Immunoblotting and Immunodetection

Sean Gallagher1, Scott E. Winston (tank transfer systems)2, Steven A. Fuller (tank transfer systems)2, John G.R. Hurrell (tank transfer systems; reversible staining of proteins)3

1 UVP, Inc., Upland, California, 2 Nabi, Rockville, Maryland, 3 FluorRx, Carmel, Indiana
Publication Name:  Current Protocols in Cell Biology
Unit Number:  Unit 6.2
DOI:  10.1002/0471143030.cb0602s52
Online Posting Date:  September, 2011
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Abstract

Immunoblotting (western blotting) is used to identify specific antigens recognized by polyclonal or monoclonal antibodies. This unit provides protocols for all steps, starting with solubilization of the protein samples, usually by means of SDS and reducing agents. Following solubilization, the material is separated by SDS‐PAGE and the antigens are electrophoretically transferred to a membrane, a process that can be monitored by reversible staining with Ponceau S. The transferred proteins are bound to the surface of the membrane, providing access to immunodetection reagents. After nonspecific binding sites are blocked, the membrane is probed with the primary antibody and washed. The antibody‐antigen complexes are tagged with horseradish peroxidase or alkaline phosphatase coupled to a secondary anti‐IgG antibody, and detected using appropriate chromogenic or luminescent substrates. Finally, membranes may be stripped and reprobed. Curr. Protoc. Cell Biol. 52:6.2.1‐6.2.28. © 2011 by John Wiley & Sons, Inc.

Keywords: immunoblot; western blot; horseradish peroxidase; alkaline phosphatase; antibodies

     
 
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Table of Contents

  • Introduction
  • Basic Protocol 1: Protein Blotting with Tank Transfer Systems
  • Alternate Protocol 1: Protein Blotting with Semidry Systems
  • Alternate Protocol 2: Slot and Dot Blotting of Proteins
  • Alternate Protocol 3: Blotting of Stained Gels
  • Support Protocol 1: Reversible Staining of Transferred Proteins with Ponceau S
  • Support Protocol 2: Quantitation of transferred Proteins with Ponceau S
  • Basic Protocol 2: Immunoprobing with Directly Conjugated Secondary Antibody
  • Alternate Protocol 4: Immunoprobing with Avidin‐Biotin Coupling to Secondary Antibody
  • Basic Protocol 3: Visualization with Chromogenic Substrates
  • Alternate Protocol 5: Visualization with Luminescent Substrates
  • Alternate Protocol 6: Signal Amplification with Avidin‐Biotin Visualization Reagents
  • Support Protocol 3: Stripping and Reusing Membranes
  • Reagents and Solutions
  • Commentary
  • Literature Cited
  • Figures
  • Tables
     
 
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Materials

Basic Protocol 1: Protein Blotting with Tank Transfer Systems

  Materials
  • Samples for analysis
  • Protein molecular weight standards (Table 6.2.1; unit 6.1): prestained (Sigma or Bio‐Rad), biotinylated (Vector Labs or Sigma), fluorescent (e.g., BenchMark Fluorescent Protein Standards; Invitrogen), or compatible with other colorimetric and fluorescent detection method (e.g., MagicMark and MagicMark XP Western Protein Standards; Invitrogen)
    Table 6.2.1   MaterialsProtein Standards for Immunoblotting

    Protein standard Application
    Unstained Molecular weight calibration and transfer efficiency; can be visualized with total protein stains
    Tagged Molecular weight calibration and transfer efficiency; visualized during immunodetection steps; a variety of potential tags, including biotinylated and antibody‐specific amino acid sequence engineered into standard proteins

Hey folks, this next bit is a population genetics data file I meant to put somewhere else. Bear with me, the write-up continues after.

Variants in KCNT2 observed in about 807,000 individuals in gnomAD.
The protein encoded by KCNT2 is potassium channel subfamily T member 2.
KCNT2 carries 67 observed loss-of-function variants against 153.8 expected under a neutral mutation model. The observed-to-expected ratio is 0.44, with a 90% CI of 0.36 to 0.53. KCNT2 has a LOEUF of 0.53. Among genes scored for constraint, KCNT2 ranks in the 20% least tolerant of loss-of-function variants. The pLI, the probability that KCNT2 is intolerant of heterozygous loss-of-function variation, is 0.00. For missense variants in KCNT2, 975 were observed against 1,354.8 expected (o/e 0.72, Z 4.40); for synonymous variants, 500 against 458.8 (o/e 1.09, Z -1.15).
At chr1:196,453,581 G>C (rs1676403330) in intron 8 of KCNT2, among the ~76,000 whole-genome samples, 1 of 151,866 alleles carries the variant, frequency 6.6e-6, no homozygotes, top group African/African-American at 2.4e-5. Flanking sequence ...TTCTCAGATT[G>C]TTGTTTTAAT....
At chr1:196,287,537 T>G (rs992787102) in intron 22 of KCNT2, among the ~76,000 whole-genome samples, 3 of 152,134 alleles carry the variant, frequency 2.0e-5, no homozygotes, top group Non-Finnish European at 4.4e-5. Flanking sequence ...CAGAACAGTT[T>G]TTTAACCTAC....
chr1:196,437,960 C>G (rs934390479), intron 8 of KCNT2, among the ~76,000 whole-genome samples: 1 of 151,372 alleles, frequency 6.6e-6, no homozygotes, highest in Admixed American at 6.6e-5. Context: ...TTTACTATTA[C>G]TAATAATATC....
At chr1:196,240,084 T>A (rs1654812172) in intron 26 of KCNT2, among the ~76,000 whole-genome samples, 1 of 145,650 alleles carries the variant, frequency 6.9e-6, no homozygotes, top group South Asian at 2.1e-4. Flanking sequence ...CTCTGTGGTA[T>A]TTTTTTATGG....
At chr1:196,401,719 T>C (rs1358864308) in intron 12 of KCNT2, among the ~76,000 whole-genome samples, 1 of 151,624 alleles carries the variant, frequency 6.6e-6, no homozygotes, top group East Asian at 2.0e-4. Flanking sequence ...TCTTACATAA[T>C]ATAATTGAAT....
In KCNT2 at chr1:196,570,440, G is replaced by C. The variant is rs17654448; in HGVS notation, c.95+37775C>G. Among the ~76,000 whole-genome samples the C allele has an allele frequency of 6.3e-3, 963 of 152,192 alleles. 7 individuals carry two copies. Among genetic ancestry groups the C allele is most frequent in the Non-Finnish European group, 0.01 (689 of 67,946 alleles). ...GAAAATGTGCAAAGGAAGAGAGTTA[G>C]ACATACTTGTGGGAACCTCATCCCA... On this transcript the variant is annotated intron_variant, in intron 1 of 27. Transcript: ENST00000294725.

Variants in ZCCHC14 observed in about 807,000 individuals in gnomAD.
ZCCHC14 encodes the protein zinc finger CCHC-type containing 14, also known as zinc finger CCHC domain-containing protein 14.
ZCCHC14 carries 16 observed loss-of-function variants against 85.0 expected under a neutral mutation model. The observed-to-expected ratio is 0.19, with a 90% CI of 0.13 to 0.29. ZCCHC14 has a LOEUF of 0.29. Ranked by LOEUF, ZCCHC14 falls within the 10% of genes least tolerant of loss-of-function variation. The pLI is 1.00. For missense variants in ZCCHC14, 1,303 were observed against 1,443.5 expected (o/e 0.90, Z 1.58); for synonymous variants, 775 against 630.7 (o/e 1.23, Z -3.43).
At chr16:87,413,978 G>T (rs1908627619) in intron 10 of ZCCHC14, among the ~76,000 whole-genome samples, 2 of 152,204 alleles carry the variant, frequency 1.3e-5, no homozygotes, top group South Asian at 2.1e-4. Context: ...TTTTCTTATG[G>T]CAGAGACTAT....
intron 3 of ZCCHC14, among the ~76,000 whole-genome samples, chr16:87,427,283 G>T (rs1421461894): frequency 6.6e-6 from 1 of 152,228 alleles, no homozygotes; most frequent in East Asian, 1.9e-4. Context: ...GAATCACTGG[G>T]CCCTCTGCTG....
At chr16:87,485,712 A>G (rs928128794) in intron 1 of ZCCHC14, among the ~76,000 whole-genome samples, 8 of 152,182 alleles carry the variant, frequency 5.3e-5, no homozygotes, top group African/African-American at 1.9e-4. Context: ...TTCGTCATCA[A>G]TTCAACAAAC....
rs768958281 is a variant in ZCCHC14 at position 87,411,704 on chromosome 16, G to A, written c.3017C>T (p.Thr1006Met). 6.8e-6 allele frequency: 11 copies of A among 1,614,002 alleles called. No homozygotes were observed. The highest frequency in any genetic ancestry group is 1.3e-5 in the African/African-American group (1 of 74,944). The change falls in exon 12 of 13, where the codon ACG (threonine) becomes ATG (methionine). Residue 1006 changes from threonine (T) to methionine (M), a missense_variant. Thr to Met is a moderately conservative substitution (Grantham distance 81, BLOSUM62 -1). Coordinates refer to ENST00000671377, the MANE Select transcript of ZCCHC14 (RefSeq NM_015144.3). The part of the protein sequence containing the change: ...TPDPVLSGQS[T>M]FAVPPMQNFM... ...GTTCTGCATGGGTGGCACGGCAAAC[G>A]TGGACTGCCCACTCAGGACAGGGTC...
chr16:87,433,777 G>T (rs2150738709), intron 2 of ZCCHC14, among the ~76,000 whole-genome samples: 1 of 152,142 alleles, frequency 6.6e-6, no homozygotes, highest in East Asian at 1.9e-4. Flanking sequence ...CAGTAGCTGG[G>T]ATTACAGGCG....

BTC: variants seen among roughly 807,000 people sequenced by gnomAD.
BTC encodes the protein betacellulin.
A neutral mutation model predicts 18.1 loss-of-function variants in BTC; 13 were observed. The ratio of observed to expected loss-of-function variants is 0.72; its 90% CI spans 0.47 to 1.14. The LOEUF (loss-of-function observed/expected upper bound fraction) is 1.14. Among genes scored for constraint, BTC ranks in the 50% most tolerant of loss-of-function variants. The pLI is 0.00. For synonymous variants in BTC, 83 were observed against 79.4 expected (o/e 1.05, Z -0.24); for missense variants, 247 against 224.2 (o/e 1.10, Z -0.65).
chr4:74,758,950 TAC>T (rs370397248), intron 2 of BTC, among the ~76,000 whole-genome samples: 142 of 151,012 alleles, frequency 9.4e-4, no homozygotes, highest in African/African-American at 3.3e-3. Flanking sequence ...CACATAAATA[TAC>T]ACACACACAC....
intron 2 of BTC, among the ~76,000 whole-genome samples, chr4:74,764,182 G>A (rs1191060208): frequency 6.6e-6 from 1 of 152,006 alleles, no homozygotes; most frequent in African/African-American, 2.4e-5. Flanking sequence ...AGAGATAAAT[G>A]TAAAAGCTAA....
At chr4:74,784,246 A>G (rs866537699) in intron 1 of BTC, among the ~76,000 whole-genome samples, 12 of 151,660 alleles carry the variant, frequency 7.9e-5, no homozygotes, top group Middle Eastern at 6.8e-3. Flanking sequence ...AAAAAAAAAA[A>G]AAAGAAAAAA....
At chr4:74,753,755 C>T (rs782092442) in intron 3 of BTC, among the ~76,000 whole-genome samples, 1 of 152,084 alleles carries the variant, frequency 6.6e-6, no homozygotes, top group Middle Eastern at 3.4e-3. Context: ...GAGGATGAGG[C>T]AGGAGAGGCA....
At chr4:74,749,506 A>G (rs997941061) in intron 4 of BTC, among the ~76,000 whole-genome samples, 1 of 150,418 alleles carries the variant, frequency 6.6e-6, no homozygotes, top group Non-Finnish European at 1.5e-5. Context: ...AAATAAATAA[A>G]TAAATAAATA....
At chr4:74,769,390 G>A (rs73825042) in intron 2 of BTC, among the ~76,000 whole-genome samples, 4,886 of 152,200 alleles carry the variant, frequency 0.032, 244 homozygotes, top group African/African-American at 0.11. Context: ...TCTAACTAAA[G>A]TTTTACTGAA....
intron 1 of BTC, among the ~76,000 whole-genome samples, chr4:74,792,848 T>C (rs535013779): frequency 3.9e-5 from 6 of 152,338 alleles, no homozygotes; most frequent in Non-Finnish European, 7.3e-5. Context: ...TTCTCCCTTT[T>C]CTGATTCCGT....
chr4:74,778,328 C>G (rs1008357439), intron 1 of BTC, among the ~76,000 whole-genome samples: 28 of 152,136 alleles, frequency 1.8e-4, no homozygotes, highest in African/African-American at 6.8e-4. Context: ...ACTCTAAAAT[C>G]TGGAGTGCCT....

Prestained Excellent for checking transfer efficiency and visually inspecting the blot; typically does not produce as sharp a band as other standards, making precise molecular weight calculations difficult

  • Transfer buffer (see recipe)
  • Powder‐free gloves
  • Scotch‐Brite pads (3M) or equivalent sponge
  • Whatman 3MM filter paper or equivalent
  • Transfer membrane: 0.45‐µm nitrocellulose (Millipore or Schleicher & Schuell), PVDF (Millipore Immobilon P), neutral nylon (Pall Biodyne A), or positively charged nylon (Pall Biodyne B; Bio‐Rad Zetabind)
  • Electroblotting apparatus (Bio‐Rad, Invitrogen, Amersham, or Hoefer; e.g., Figs. and )
  • Indelible pen (e.g., Paper‐Mate) or soft lead pencil
  • Additional reagents and equipment for one‐ and two‐dimensional gel electrophoresis (units 6.1& 6.4) and staining proteins in gels (unit 6.6) and on membranes (see 6.2)
NOTE: Deionized, distilled water should be used throughout this protocol.

Alternate Protocol 1: Protein Blotting with Semidry Systems

  • Six sheets of Whatman 3MM filter paper or equivalent, cut to size of gel and saturated with transfer buffer
  • Semidry transfer unit (Hoefer, Bio‐Rad, or Invitrogen)

Alternate Protocol 2: Slot and Dot Blotting of Proteins

  • <10 µg protein sample in <100 µl water or TBS (no detergent)
  • Tris‐buffered saline (TBS; appendix 2A)
  • Slot or dot blotting apparatus (e.g., Hoefer, Bio‐Rad, or Whatman; Fig. )
  • Vacuum source

Alternate Protocol 3: Blotting of Stained Gels

  Materials
  • Destained gel containing proteins of interest (unit 6.6)
  • 25 mM Tris base/192 mM glycine/1% SDS
  • 25 mM Tris base/192 mM glycine/0.1% SDS
  • 25 mM Tris base/192 mM glycine/0.1% SDS with 6 M urea (optional)

Support Protocol 1: Reversible Staining of Transferred Proteins with Ponceau S

  • Ponceau S solution (see recipe)
  • Additional reagents and equipment for photographing membranes (unit 6.6)

Support Protocol 2: Quantitation of transferred Proteins with Ponceau S

  Materials
  • Membrane with transferred proteins (see protocol 1 or Alternate Protocols protocol 21 to protocol 43)
  • Blocking buffer appropriate for membrane and detection protocol (see recipes)
  • Primary antibody specific for protein of interest
  • TTBS (nitrocellulose or PVDF) or TBS (nylon; see appendix 2A for recipes)
  • Secondary antibody conjugate: species‐specific anti‐Ig conjugated to horseradish peroxidase (HRP) or alkaline phosphatase (AP; e.g., Cappel, Vector Labs, Kirkegaard & Perry, or Sigma; dilute as indicated by manufacturer and store frozen in 25‐µl aliquots until use)